Okay. So the second one is disqualifying the positive, and that is where we might acknowledge something good, particularly like if there's something that we accomplished, that was good. And say, “yeah, but it was just luck” or, “yeah, but, I only could do that because somebody else did something to help me.” So making something good, really, not even good anymore at all, just because our brain wants us to disqualify the positive outcomes. So. I think this is a common one that probably, especially women tend to use.
You know, I see it a lot in people who have imposter syndrome. They're like, “I just got lucky getting into medical school.”
Yeah, that happens a lot, right?
Because it's just chance that you could enter medical school. They let anybody in. So, and that is, that's really unfortunate because you're amazing.
I'm gonna really start trying to do this. If somebody is like, “oh, your outfit's great.” You know what I say? Every time? “Oh, it was from Target.” You know, do you know what I mean? Like really hard for me to take a compliment or just let it go without some downplay. You know what I mean? That’s work for me to do.
I did find that it's super common in imposter syndrome whereas objective evidence would suggest that they're actually better off than a lot of their class. Think about who thinks about that they might not be good enough. Not the doofus, they're overly confident. Know what I mean?
Yeah. That is, that is so true.
So a third thought distortion has been labeled as overgeneralization. So it's a thinking that occurs after a single event happens, that you might as well generalize every single event after that occurring exactly the same, even when there is no data to support that. It's a very safe and protective mechanism to not endure that situation again, or to not encourage you down that pathway again.
Either you were told no, or you had a negative interaction or something to that matter. So, in order to protect yourself from a negative response or a negative interaction, your brain wants to just say, well, every time that I make that phone call or talk to that consultant, that's going to happen.
So it stunts growth in an area. It keeps you from moving forward. Who knows if there were other extraneous factors as the reason for the no? And next time, it might be a yes,
I think a good example of that is for us as emergency medicine physicians, we deal with consultants a lot. I remember I had a patient that was a leaking AAA that came in timely because he had a blood pressure and he was alive. And I felt that this was good timing because the cardiovascular surgeon on call was available and in-house. But instead, when I got on the phone, all I got was a very negative interaction, full of expletives and things of that matter. And I still calmly asked the physician to come to the bedside because I felt like mortality was increasing with every minute that I was having to endure the negative interaction. And instead he said he was one person, and he had just got a dissection on the table…so therefore, anytime moving forward that I felt like I needed to consult cardiovascular surgery for anything, I already felt my blood pressure rising and really would at all costs try to pawn the patient off on somebody else. Anything to not call cardiovascular surgery, because I felt like any interaction with cardiovascular surgery would be the same.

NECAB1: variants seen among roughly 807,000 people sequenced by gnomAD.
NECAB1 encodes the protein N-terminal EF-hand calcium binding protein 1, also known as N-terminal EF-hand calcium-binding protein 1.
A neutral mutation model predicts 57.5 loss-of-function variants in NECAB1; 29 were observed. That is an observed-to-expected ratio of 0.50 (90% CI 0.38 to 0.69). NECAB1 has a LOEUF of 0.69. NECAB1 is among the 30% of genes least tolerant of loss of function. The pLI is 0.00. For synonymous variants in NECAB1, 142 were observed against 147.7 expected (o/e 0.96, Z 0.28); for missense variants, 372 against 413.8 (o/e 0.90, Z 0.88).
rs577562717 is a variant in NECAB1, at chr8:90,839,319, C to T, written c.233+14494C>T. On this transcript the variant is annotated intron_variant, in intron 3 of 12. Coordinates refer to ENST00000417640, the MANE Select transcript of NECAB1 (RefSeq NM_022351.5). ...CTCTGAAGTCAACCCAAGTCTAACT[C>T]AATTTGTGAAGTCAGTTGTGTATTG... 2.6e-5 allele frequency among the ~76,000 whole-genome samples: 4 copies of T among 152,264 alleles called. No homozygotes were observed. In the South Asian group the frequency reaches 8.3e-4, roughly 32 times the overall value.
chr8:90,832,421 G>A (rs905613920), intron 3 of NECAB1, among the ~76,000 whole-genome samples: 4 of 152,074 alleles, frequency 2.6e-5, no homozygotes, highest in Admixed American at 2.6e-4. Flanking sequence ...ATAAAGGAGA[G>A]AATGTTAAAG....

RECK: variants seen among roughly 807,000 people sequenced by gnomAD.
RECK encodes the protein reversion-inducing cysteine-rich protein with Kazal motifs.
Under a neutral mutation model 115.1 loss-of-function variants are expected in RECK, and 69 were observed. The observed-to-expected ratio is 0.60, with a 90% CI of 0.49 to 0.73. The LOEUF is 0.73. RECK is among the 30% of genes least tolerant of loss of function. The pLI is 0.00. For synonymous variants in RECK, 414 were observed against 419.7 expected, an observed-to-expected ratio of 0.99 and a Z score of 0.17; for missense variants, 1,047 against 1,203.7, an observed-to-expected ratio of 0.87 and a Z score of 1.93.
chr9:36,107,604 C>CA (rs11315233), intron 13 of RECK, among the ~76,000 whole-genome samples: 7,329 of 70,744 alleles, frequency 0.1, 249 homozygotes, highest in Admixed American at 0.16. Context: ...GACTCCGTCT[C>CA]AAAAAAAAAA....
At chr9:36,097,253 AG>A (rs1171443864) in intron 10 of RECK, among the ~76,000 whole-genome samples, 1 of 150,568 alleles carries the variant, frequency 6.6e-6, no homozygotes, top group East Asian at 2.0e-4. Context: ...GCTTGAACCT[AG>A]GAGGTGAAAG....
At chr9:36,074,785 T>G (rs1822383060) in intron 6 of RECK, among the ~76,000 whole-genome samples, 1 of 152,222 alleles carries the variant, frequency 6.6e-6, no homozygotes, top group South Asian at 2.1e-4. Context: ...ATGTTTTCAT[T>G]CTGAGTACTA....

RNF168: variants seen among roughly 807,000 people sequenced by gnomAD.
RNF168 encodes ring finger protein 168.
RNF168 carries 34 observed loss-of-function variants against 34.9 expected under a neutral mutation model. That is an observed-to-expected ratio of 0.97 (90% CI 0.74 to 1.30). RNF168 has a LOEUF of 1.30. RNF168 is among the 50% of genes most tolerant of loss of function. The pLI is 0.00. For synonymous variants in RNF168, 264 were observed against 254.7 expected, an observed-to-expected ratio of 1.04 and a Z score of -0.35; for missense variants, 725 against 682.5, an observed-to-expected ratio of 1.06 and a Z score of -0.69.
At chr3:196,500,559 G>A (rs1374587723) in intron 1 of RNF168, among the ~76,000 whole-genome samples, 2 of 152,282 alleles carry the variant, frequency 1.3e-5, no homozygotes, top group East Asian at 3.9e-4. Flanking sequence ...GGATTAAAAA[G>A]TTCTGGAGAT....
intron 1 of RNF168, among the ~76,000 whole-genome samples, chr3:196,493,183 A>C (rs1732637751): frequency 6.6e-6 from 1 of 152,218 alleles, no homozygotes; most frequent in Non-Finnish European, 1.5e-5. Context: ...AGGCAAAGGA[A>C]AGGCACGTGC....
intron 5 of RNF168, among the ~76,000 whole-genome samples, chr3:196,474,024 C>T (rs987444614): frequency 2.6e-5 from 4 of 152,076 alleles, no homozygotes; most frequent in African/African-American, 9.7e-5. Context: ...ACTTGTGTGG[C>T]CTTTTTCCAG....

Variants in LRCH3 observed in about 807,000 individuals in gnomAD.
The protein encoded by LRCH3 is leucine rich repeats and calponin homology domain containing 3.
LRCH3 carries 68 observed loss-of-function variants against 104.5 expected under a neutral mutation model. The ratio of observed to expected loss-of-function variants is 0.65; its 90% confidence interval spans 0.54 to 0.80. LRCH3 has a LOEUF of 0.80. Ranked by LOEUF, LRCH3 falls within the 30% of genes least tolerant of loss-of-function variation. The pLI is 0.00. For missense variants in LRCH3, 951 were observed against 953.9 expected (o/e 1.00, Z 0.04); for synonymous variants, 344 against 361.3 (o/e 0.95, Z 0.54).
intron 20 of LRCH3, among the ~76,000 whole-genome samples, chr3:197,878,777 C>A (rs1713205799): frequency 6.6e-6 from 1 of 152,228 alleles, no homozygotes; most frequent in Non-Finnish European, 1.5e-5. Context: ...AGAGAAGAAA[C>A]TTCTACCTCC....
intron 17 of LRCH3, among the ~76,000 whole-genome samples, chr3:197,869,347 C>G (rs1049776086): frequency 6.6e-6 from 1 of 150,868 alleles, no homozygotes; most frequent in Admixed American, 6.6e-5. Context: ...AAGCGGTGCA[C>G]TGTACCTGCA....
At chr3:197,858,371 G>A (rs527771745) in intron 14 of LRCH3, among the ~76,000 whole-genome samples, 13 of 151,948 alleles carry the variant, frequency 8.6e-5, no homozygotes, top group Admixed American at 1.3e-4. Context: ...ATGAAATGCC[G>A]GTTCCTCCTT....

Yeah. I have an opposite [example], completely silly and ridiculous. But forever we'd pass by, you know, that claw [toy grabbing] thing? Like if you go in Walmart or something, that stupid claw thing. My youngest, every time was like, “I want to play that thing.” I'm like, “no, no, nobody wins that. That's a complete waste of your quarters.” Well, somebody took him to (I wasn't there) and he went to some pizza place and they had the claw thing. So I had given him money for his pizza. Well, this fool goes to the claw thing, and he won the first time. So he thinks that every time you play the claw game that you win. So, I mean, I guess it could work in your favor, but we're usually talking about a negative experience.
Yes, exactly. Trying to think of other things I've tried once and then just never tried it again. Cause like, “Oh no. That's how that goes. Like never again am I trying that.” With no [further] evidence whatsoever. Thinking about it with our Facebook ads right now. I don't know what I'm doing, so clearly I can never figure it out. Exactly.
Oh, I know one. I know a good one. You cannot post a meme in poor taste because you'll obviously get banned for, like-
Well, I think that one might be true.
That one actually is true again. Sorry to anyone who might have seen my inappropriate memes!
Before though, David was like, “I wonder if you could get out of the shift so that we could do something” and, you know, I was like, “well, nobody's going to take that. It's a night shift and nobody's going to take it.” So I wouldn't even try, you know, cause I had evidenced from trying one time and it being difficult to trade, you know what I mean?
Right. And I feel like too, sometimes you become the victim of that. I work in another smaller ER, and my second shift ever of working there, I was on for maybe 30 minutes, and we got a call over EMS for a five vic[tim] MVC that they were going to bring all five vics there. Which meant that the single coverage ED was getting ready to get five MVC victims. And then within about two minutes of that, our entire ER waiting room filled up and all the things. Based on that one shift, I now get eye-rolls every time I walk into that emergency department.
You're the black cloud?
And they go ahead and post the black cloud and they go ahead and post trades off of the shifts. The nurses trade off shifts working with me because of one shift when we got like 12 traumas in the first two hours I was there.
Okay. Well, just to recap we went over polarized thinking, the whole all-or-nothing, mental filtering, which included negative mental filtering, but then also disqualifying the positive, and overgeneralization.
So those are our first three things to look out for your thoughts. If you're doing that, you really want to examine if that's even true.
And we will unpack some of these and give you tools, tips, life hacks in order to overcome these and think more curiously about these ways of thinking. And also how we can make them work for us instead of against us at times.
So we know that you are amazing and brilliant and have so much to offer. We love you and cherish your beautiful soul. So until next time: you are whole, you are a gift to medicine and what you do and the work that you do matters. See you next time. Bye guys.